Endoscopic ultrasound is an excellent imaging technique for detecting signs predictive of malignancy or aggressiveness in cystic pancreatic lesions. Such signs include internal septations, mural nodules, solid masses, vascular invasion, and lymphatic metastasis [48, 49]. An additional benefit is its capability for sampling fluid and solid components and depicting debris and wall thickness [50]. Endoscopic ultrasound also shows the details of the pancreatic parenchyma and the pancreatic duct. In a study involving 50 patients, Kim et al. [51] found that endoscopic ultrasound had sensitivity, specificity, and accuracy of 90.5%, 86.2%, and 88% for differentiating cystic from solid pancreatic lesions. Kim and colleagues also found that the sensitivity of endoscopic ultrasound for characterization of septa (77.8%), mural nodules (58.3%), main pancreatic duct dilatation (85.7%), and main pancreatic duct communication (88.9%) was comparable to that of MRI. However, endoscopic ultrasound is invasive and operator dependent, and these limitations have led to considerable variability in determining accuracy in differentiating benign and malignant lesions [48, 5254]. Ahmad et al. [55] found only fair agreement (κ = 0.24) between experienced endosonographers in the diagnosis of neoplastic versus nonneoplastic cystic pancreatic lesions. In addition, several investigators have noted difficulty in sampling lesions smaller than 3 cm [48, 5254]. Currently, endoscopic ultrasound with or without aspiration is used in the following instances: indeterminate MDCT or MRCP findings; care of patients at high surgical risk owing to co-morbid conditions or advanced age, which precludes them from undergoing extensive surgery; and confirmation of the malignant status of a cystic lesion before it is resected [48, 5254].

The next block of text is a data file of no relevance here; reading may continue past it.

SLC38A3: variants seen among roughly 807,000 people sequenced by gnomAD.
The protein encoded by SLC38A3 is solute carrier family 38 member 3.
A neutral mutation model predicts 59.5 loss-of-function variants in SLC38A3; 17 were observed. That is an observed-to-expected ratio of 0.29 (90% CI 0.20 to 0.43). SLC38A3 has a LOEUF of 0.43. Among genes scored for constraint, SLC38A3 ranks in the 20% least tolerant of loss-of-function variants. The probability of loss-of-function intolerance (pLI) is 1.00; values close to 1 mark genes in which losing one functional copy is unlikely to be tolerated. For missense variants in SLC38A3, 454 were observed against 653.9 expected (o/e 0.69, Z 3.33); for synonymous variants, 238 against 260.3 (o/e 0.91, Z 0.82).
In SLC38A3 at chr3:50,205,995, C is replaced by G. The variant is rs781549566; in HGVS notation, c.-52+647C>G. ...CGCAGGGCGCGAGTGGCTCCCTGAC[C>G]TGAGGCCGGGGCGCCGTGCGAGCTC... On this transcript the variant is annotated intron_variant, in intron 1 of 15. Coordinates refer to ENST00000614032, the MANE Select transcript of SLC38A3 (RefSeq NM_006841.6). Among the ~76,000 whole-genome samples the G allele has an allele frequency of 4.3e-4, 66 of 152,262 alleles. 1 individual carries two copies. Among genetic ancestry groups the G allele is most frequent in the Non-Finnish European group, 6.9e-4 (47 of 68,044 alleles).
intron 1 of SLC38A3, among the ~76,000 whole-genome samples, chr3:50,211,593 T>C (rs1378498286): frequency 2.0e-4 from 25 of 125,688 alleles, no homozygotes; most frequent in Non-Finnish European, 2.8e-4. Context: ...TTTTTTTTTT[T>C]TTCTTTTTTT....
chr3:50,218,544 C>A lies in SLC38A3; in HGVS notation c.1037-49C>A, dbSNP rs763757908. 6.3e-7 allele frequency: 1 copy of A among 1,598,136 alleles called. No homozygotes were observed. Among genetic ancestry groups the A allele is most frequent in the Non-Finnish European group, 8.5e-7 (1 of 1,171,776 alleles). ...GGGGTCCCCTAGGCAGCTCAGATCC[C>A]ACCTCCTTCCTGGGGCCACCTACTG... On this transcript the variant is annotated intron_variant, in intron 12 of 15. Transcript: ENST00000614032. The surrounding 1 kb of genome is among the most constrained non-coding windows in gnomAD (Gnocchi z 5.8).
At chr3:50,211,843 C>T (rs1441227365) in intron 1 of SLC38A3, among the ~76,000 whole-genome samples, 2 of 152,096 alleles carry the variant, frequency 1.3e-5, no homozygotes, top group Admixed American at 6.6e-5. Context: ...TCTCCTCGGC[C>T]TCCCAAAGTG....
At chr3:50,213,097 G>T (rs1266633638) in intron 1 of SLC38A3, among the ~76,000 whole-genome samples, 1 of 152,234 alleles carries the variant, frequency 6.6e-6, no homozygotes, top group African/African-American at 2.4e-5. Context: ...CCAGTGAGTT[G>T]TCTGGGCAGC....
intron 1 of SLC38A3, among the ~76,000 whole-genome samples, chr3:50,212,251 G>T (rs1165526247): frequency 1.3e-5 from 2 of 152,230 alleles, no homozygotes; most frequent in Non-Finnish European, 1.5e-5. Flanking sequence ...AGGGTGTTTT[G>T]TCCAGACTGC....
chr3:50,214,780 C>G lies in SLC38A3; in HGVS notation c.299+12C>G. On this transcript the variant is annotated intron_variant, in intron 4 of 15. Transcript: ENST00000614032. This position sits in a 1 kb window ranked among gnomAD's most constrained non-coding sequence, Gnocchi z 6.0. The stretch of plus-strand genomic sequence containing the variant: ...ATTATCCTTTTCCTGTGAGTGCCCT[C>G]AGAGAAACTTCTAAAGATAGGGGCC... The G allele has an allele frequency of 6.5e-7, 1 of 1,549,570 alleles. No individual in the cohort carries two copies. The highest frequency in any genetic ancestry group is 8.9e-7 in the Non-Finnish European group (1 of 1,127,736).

Endoscopic ultrasound–guided cyst fluid aspiration is often performed in conjunction with endoscopic ultrasound for definitive diagnosis (Table 3). In a multicenter trial that included 341 patients with cystic pancreatic lesions [56], endoscopic ultrasound had low sensitivity (56%) and specificity (45%) for differentiation of mucinous and nonmucinous cystic lesions on the basis of endoscopic ultrasound morphologic features. However, based on results of cytologic (fine needle aspiration [FNA]) evaluation, sensitivity, specificity, and accuracy were 34.5%, 83%, and 51%. Biochemical analysis of the cyst fluid aspirate for estimation of carcinoembryonic antigen (CEA), mucin, and amylase concentrations can facilitate reliable differentiation of mucinous and nonmucinous cystic neoplasms [1820, 25, 56]. A cutoff CEA concentration of 192 ng/mL has been found to have 84% specificity in differentiation of mucinous from nonmucinous lesions [54, 5659]. Cyst fluid amylase concentration also is helpful in differentiating pseudocysts from lesions that are not pseudocysts [56, 58, 59]. Although amylase concentrations less than 250 U/L are helpful for excluding pseudocysts, concentrations greater than 250 U/L are nonspecific because they occur not only in pseudocysts but also in benign IPMNs and MCNs [58]. FNA cytologic evaluation of the cyst fluid is also performed for cyst characterization, but the yield of cytologic evaluation is often limited by low cellularity of the fluid aspirate [1820].